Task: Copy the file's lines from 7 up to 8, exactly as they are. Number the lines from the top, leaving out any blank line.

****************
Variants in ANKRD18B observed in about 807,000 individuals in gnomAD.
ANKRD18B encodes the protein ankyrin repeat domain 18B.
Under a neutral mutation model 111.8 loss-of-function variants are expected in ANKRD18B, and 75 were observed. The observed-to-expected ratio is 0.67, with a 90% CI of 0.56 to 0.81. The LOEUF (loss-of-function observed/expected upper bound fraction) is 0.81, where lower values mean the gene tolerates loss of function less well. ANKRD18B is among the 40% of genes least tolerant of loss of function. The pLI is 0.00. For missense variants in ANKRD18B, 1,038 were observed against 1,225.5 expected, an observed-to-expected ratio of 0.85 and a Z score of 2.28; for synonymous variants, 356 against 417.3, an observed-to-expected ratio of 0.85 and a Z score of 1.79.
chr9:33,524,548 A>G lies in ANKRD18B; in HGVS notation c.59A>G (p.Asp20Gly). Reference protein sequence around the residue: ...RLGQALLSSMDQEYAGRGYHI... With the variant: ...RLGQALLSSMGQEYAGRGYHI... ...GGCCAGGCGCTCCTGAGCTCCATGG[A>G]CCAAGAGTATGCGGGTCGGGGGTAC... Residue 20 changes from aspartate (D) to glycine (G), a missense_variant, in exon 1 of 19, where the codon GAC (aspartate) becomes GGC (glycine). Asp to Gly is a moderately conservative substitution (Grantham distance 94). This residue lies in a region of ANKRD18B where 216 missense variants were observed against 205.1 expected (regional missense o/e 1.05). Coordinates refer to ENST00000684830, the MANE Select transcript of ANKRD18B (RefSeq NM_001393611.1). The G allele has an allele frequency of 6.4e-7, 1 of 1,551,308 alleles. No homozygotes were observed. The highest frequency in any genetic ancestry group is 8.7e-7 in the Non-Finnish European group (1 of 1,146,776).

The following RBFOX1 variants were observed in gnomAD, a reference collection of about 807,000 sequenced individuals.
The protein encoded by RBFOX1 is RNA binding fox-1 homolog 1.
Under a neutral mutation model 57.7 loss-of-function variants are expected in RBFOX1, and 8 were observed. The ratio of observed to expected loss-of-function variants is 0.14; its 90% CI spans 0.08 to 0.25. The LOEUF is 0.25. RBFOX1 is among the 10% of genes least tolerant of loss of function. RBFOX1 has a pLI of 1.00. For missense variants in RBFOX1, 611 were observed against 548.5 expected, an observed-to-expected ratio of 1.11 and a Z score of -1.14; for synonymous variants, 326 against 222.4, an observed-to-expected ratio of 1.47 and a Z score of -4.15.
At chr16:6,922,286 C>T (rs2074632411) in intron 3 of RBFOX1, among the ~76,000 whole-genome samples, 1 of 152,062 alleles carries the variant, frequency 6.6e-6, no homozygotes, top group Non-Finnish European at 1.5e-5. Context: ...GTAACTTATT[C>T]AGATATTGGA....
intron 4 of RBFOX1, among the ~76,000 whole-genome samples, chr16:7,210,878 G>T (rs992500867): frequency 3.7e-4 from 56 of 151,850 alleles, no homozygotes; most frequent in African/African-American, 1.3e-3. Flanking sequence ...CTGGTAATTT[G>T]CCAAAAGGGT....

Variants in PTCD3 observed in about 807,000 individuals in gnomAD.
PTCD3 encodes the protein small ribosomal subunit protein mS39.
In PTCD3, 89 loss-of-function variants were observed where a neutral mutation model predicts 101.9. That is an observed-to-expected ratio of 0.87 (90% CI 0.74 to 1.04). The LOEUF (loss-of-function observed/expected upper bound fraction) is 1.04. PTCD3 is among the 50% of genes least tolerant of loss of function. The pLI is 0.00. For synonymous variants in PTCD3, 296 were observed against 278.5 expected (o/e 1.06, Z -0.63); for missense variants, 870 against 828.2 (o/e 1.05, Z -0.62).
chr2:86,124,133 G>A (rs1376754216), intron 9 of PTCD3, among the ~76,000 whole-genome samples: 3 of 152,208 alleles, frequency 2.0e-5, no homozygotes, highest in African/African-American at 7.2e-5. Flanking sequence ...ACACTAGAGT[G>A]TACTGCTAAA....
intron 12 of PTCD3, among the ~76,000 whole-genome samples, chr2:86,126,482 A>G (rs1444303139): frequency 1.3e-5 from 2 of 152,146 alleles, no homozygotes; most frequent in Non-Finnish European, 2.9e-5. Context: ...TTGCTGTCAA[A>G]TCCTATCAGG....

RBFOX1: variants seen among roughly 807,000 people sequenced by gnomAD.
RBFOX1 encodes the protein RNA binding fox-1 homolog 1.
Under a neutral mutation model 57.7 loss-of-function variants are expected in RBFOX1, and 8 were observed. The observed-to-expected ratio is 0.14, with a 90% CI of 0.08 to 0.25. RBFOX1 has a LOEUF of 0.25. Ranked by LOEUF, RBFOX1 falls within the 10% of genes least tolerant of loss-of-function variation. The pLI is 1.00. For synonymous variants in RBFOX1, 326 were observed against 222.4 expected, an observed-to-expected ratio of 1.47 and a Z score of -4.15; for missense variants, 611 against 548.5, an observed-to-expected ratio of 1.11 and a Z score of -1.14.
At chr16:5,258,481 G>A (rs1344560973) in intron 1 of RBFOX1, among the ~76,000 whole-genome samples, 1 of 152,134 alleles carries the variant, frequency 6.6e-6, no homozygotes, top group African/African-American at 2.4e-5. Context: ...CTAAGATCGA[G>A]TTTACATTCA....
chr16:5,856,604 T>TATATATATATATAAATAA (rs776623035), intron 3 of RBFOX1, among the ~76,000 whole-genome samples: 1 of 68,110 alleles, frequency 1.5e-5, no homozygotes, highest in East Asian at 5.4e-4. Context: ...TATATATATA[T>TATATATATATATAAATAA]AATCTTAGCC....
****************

Under a neutral mutation model 57.7 loss-of-function variants are expected in RBFOX1, and 8 were observed. The ratio of observed to expected loss-of-function variants is 0.14; its 90% CI spans 0.08 to 0.25. The LOEUF is 0.25. RBFOX1 is among the 10% of genes least tolerant of loss of function. RBFOX1 has a pLI of 1.00. For missense variants in RBFOX1, 611 were observed against 548.5 expected, an observed-to-expected ratio of 1.11 and a Z score of -1.14; for synonymous variants, 326 against 222.4, an observed-to-expected ratio of 1.47 and a Z score of -4.15.
At chr16:6,922,286 C>T (rs2074632411) in intron 3 of RBFOX1, among the ~76,000 whole-genome samples, 1 of 152,062 alleles carries the variant, frequency 6.6e-6, no homozygotes, top group Non-Finnish European at 1.5e-5. Context: ...GTAACTTATT[C>T]AGATATTGGA....